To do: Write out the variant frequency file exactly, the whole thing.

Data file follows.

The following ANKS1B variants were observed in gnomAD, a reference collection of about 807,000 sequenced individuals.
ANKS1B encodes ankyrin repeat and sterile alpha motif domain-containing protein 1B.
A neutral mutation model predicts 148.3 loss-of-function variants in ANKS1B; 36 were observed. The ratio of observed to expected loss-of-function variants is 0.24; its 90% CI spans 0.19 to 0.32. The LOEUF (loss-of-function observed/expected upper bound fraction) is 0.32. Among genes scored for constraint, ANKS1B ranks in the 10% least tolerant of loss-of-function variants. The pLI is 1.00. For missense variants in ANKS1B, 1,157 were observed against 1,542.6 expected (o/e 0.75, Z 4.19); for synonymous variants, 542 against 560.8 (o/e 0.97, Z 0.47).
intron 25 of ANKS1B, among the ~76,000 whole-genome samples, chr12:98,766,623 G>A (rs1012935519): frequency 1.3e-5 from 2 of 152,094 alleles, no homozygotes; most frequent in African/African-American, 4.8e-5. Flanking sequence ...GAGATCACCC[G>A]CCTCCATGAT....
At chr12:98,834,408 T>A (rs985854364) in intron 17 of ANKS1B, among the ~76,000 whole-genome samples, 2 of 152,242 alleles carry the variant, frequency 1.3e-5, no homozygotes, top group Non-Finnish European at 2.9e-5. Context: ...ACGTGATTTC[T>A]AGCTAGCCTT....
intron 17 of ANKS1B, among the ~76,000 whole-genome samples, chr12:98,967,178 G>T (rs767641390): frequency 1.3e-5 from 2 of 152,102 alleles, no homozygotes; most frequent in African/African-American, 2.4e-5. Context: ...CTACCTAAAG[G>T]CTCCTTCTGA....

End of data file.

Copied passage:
The following ANKS1B variants were observed in gnomAD, a reference collection of about 807,000 sequenced individuals.
ANKS1B encodes ankyrin repeat and sterile alpha motif domain-containing protein 1B.
A neutral mutation model predicts 148.3 loss-of-function variants in ANKS1B; 36 were observed. The ratio of observed to expected loss-of-function variants is 0.24; its 90% CI spans 0.19 to 0.32. The LOEUF (loss-of-function observed/expected upper bound fraction) is 0.32. Among genes scored for constraint, ANKS1B ranks in the 10% least tolerant of loss-of-function variants. The pLI is 1.00. For missense variants in ANKS1B, 1,157 were observed against 1,542.6 expected (o/e 0.75, Z 4.19); for synonymous variants, 542 against 560.8 (o/e 0.97, Z 0.47).
intron 25 of ANKS1B, among the ~76,000 whole-genome samples, chr12:98,766,623 G>A (rs1012935519): frequency 1.3e-5 from 2 of 152,094 alleles, no homozygotes; most frequent in African/African-American, 4.8e-5. Flanking sequence ...GAGATCACCC[G>A]CCTCCATGAT....
At chr12:98,834,408 T>A (rs985854364) in intron 17 of ANKS1B, among the ~76,000 whole-genome samples, 2 of 152,242 alleles carry the variant, frequency 1.3e-5, no homozygotes, top group Non-Finnish European at 2.9e-5. Context: ...ACGTGATTTC[T>A]AGCTAGCCTT....
intron 17 of ANKS1B, among the ~76,000 whole-genome samples, chr12:98,967,178 G>T (rs767641390): frequency 1.3e-5 from 2 of 152,102 alleles, no homozygotes; most frequent in African/African-American, 2.4e-5. Context: ...CTACCTAAAG[G>T]CTCCTTCTGA....